A US judge said Amazon is likely to succeed on a key argument of its challenge to the US Department of Defense's decision to award cloud computing deal worth up to US$10 billion to Microsoft.
The opinion by US Court of Federal Claims Judge Patricia Campbell-Smith was unsealed on Friday. On 13 February, she issued an order blocking work on the contract pending resolution of Amazon's court challenge.
Amazon contends the contract was awarded to Microsoft because of improper influence by US president Donald Trump.
The opinion did not mention Trump or address Amazon's claims of improper influence, but instead focused on how the Pentagon assessed Microsoft's data storage in one price scenario.
Campbell-Smith wrote that Amazon "is likely to succeed on the merits of its argument that the DOD improperly evaluated" a Microsoft price scenario. She said Amazon is likely to show that Microsoft's scenario was not "technically feasible" as the Pentagon assessed.
Microsoft spokesman Frank X. Shaw said in a statement the company believes it will ultimately be able to move forward, noting the decision focused on a "lone technical finding by the Department of Defense about data storage" under one price scenario out of six. Shaw said in the one issue cited by the judge, "The government makes clear that in their view Microsoft’s solution met the technical standards and performed as needed."
Amazon did not immediately comment on Saturday.
Campbell-Smith said, "In the context of a procurement for cloud computing services, the court considers it quite likely that this failure is material."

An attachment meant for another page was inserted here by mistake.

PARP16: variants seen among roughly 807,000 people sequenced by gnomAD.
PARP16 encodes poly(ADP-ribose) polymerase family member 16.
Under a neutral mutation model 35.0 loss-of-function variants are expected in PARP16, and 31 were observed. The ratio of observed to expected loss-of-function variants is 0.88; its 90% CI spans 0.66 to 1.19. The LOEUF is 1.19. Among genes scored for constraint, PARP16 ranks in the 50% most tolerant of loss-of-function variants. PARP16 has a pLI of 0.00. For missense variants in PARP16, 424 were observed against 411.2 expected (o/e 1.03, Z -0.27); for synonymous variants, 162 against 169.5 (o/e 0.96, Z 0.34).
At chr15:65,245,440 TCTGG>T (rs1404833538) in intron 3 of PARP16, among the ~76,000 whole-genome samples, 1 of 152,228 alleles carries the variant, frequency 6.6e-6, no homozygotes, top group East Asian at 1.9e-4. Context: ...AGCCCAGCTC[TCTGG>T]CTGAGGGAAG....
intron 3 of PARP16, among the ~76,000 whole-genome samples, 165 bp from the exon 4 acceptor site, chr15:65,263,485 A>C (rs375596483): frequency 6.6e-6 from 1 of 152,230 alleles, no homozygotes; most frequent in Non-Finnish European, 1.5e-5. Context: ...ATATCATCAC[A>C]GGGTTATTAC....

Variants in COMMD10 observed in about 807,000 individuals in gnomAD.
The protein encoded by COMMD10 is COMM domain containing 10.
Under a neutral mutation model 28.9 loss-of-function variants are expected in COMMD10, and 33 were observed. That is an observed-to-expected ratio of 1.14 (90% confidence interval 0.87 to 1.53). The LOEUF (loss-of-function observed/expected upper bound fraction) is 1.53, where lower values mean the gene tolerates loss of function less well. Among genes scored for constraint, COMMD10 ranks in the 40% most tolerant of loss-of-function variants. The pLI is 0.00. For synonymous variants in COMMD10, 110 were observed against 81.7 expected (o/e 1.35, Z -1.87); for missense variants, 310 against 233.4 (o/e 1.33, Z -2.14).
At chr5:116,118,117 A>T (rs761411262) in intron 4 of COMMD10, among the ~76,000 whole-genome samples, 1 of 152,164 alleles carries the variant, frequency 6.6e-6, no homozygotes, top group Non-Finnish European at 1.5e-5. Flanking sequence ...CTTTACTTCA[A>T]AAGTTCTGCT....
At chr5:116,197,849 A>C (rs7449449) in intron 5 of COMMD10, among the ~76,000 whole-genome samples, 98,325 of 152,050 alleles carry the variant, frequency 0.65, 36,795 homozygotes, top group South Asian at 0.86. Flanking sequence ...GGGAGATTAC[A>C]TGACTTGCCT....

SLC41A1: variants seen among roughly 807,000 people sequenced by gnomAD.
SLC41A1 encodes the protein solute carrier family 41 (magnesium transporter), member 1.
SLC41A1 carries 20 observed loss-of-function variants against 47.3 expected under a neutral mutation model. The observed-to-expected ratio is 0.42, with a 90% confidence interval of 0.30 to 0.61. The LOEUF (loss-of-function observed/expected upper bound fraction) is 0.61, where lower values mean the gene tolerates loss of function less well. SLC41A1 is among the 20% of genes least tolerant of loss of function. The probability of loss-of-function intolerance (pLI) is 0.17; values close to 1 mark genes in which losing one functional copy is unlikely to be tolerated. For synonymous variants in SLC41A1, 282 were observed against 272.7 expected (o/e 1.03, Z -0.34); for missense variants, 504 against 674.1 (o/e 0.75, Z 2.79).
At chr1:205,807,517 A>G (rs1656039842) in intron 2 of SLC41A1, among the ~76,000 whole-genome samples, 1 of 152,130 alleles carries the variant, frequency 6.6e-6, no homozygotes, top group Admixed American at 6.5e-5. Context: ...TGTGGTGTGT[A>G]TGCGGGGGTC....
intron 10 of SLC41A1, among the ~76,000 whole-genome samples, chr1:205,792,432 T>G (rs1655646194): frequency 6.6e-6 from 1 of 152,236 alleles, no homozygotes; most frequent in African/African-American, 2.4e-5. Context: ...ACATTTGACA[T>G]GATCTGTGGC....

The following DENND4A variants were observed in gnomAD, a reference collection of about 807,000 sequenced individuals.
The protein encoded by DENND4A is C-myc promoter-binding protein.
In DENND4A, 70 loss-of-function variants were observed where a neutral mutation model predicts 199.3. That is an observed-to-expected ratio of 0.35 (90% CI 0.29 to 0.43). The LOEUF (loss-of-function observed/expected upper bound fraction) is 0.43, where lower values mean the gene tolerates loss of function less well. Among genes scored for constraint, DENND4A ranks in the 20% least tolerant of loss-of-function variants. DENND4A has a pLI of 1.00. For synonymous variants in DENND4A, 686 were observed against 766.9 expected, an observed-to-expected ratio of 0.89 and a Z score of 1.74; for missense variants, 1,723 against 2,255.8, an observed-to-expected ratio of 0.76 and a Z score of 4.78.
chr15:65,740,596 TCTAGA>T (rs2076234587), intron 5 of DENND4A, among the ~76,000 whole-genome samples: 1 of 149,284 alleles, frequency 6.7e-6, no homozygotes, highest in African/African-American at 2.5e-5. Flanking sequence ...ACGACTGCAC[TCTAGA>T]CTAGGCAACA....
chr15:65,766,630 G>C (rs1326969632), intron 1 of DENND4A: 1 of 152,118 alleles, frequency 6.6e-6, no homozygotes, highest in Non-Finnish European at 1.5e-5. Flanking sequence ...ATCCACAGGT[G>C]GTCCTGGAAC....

Amazon, which had been seen as a front-runner to win the contract, filed a lawsuit in November just weeks after the contract was awarded to Microsoft. Trump has publicly derided Amazon head Jeff Bezos and repeatedly criticized the giant online retailer.
The Amazon lawsuit said the Defense Department’s decision was full of "egregious errors," which were a result of "improper pressure from President Donald Trump."
Bezos also owns the Washington Post, whose coverage has been critical of Trump and which has frequently been a target of barbs by Trump about the news media.
The Pentagon, which had planned to start work on the contract on 13 February, has said it was disappointed in the ruling.
As part of the lawsuit, Amazon asked the court to halt the execution of the contract, known as the Joint Enterprise Defense Infrastructure Cloud, or JEDI. The contract is intended to give the military better access to data and technology from remote locations.
Last month, Amazon’s cloud computing unit, Amazon Web Services, said it was seeking to depose Trump in its lawsuit and suggested the president was trying "to screw Amazon" over the contract.
(Reporting by David Shepardson in Washington; Editing by Ben Klayman, Matthew Lewis and Leslie Adler)